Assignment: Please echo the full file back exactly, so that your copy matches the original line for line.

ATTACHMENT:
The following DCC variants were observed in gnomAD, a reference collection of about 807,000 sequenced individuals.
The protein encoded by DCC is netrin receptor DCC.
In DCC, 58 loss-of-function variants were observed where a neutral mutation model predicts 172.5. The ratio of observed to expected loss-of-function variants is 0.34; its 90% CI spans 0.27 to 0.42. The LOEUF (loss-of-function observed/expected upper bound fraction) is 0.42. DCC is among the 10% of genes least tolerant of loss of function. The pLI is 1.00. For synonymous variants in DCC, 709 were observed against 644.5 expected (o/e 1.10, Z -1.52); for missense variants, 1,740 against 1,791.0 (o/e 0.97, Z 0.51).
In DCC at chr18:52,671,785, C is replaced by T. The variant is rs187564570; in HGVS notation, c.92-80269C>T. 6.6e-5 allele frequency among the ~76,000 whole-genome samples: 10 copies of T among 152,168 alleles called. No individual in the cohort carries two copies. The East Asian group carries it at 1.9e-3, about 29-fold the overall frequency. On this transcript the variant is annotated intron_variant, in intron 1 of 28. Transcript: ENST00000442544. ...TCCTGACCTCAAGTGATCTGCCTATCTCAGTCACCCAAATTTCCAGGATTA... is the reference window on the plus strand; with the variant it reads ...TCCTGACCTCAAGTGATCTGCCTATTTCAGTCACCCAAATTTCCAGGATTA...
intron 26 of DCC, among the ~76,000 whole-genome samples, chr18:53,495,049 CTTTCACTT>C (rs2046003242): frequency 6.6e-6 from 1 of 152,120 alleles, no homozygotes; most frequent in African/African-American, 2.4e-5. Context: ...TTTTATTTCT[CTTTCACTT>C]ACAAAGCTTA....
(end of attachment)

The following DCC variants were observed in gnomAD, a reference collection of about 807,000 sequenced individuals.
The protein encoded by DCC is netrin receptor DCC.
In DCC, 58 loss-of-function variants were observed where a neutral mutation model predicts 172.5. The ratio of observed to expected loss-of-function variants is 0.34; its 90% CI spans 0.27 to 0.42. The LOEUF (loss-of-function observed/expected upper bound fraction) is 0.42. DCC is among the 10% of genes least tolerant of loss of function. The pLI is 1.00. For synonymous variants in DCC, 709 were observed against 644.5 expected (o/e 1.10, Z -1.52); for missense variants, 1,740 against 1,791.0 (o/e 0.97, Z 0.51).
In DCC at chr18:52,671,785, C is replaced by T. The variant is rs187564570; in HGVS notation, c.92-80269C>T. 6.6e-5 allele frequency among the ~76,000 whole-genome samples: 10 copies of T among 152,168 alleles called. No individual in the cohort carries two copies. The East Asian group carries it at 1.9e-3, about 29-fold the overall frequency. On this transcript the variant is annotated intron_variant, in intron 1 of 28. Transcript: ENST00000442544. ...TCCTGACCTCAAGTGATCTGCCTATCTCAGTCACCCAAATTTCCAGGATTA... is the reference window on the plus strand; with the variant it reads ...TCCTGACCTCAAGTGATCTGCCTATTTCAGTCACCCAAATTTCCAGGATTA...
intron 26 of DCC, among the ~76,000 whole-genome samples, chr18:53,495,049 CTTTCACTT>C (rs2046003242): frequency 6.6e-6 from 1 of 152,120 alleles, no homozygotes; most frequent in African/African-American, 2.4e-5. Context: ...TTTTATTTCT[CTTTCACTT>C]ACAAAGCTTA....